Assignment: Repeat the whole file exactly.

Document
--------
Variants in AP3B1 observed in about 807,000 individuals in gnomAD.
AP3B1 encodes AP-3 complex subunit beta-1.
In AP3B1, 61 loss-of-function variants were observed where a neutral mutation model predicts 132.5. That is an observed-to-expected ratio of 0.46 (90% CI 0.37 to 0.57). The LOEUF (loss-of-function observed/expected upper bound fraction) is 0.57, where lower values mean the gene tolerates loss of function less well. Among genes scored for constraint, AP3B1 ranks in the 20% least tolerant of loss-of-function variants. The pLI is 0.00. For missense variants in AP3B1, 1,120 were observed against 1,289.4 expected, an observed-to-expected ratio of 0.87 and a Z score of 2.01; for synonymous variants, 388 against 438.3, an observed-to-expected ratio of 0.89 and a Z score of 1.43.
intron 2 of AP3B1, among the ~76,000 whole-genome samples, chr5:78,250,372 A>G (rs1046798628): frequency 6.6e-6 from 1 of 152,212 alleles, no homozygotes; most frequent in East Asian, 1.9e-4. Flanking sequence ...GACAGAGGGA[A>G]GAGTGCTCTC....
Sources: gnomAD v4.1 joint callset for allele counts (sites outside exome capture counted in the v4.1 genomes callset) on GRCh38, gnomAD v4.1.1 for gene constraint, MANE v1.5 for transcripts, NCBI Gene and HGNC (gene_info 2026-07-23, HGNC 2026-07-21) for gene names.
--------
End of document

Variants in AP3B1 observed in about 807,000 individuals in gnomAD.
AP3B1 encodes AP-3 complex subunit beta-1.
In AP3B1, 61 loss-of-function variants were observed where a neutral mutation model predicts 132.5. That is an observed-to-expected ratio of 0.46 (90% CI 0.37 to 0.57). The LOEUF (loss-of-function observed/expected upper bound fraction) is 0.57, where lower values mean the gene tolerates loss of function less well. Among genes scored for constraint, AP3B1 ranks in the 20% least tolerant of loss-of-function variants. The pLI is 0.00. For missense variants in AP3B1, 1,120 were observed against 1,289.4 expected, an observed-to-expected ratio of 0.87 and a Z score of 2.01; for synonymous variants, 388 against 438.3, an observed-to-expected ratio of 0.89 and a Z score of 1.43.
intron 2 of AP3B1, among the ~76,000 whole-genome samples, chr5:78,250,372 A>G (rs1046798628): frequency 6.6e-6 from 1 of 152,212 alleles, no homozygotes; most frequent in East Asian, 1.9e-4. Flanking sequence ...GACAGAGGGA[A>G]GAGTGCTCTC....
Sources: gnomAD v4.1 joint callset for allele counts (sites outside exome capture counted in the v4.1 genomes callset) on GRCh38, gnomAD v4.1.1 for gene constraint, MANE v1.5 for transcripts, NCBI Gene and HGNC (gene_info 2026-07-23, HGNC 2026-07-21) for gene names.